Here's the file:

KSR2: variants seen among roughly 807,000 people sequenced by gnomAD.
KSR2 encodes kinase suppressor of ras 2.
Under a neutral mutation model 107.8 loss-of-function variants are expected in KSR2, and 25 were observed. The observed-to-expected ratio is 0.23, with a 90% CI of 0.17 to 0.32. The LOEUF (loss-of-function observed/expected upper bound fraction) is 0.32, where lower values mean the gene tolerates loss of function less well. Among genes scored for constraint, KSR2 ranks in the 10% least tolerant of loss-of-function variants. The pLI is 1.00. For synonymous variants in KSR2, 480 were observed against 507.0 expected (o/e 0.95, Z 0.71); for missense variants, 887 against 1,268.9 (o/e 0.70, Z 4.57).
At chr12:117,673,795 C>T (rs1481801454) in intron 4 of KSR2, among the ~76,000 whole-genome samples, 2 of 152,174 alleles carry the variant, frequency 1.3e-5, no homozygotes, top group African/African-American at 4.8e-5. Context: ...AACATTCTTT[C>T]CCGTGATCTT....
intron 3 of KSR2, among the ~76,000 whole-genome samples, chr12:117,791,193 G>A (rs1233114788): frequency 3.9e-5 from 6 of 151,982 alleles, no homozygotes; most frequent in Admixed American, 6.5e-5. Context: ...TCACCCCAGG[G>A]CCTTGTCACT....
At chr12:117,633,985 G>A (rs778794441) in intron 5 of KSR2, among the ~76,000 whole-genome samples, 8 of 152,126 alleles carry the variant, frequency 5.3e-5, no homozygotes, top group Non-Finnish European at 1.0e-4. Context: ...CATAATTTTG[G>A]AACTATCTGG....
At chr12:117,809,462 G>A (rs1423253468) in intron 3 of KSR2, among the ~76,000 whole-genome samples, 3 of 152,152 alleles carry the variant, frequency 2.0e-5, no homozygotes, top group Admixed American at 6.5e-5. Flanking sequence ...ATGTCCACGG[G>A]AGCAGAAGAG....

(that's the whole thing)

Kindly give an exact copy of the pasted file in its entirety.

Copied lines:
KSR2: variants seen among roughly 807,000 people sequenced by gnomAD.
KSR2 encodes kinase suppressor of ras 2.
Under a neutral mutation model 107.8 loss-of-function variants are expected in KSR2, and 25 were observed. The observed-to-expected ratio is 0.23, with a 90% CI of 0.17 to 0.32. The LOEUF (loss-of-function observed/expected upper bound fraction) is 0.32, where lower values mean the gene tolerates loss of function less well. Among genes scored for constraint, KSR2 ranks in the 10% least tolerant of loss-of-function variants. The pLI is 1.00. For synonymous variants in KSR2, 480 were observed against 507.0 expected (o/e 0.95, Z 0.71); for missense variants, 887 against 1,268.9 (o/e 0.70, Z 4.57).
At chr12:117,673,795 C>T (rs1481801454) in intron 4 of KSR2, among the ~76,000 whole-genome samples, 2 of 152,174 alleles carry the variant, frequency 1.3e-5, no homozygotes, top group African/African-American at 4.8e-5. Context: ...AACATTCTTT[C>T]CCGTGATCTT....
intron 3 of KSR2, among the ~76,000 whole-genome samples, chr12:117,791,193 G>A (rs1233114788): frequency 3.9e-5 from 6 of 151,982 alleles, no homozygotes; most frequent in Admixed American, 6.5e-5. Context: ...TCACCCCAGG[G>A]CCTTGTCACT....
At chr12:117,633,985 G>A (rs778794441) in intron 5 of KSR2, among the ~76,000 whole-genome samples, 8 of 152,126 alleles carry the variant, frequency 5.3e-5, no homozygotes, top group Non-Finnish European at 1.0e-4. Context: ...CATAATTTTG[G>A]AACTATCTGG....
At chr12:117,809,462 G>A (rs1423253468) in intron 3 of KSR2, among the ~76,000 whole-genome samples, 3 of 152,152 alleles carry the variant, frequency 2.0e-5, no homozygotes, top group Admixed American at 6.5e-5. Flanking sequence ...ATGTCCACGG[G>A]AGCAGAAGAG....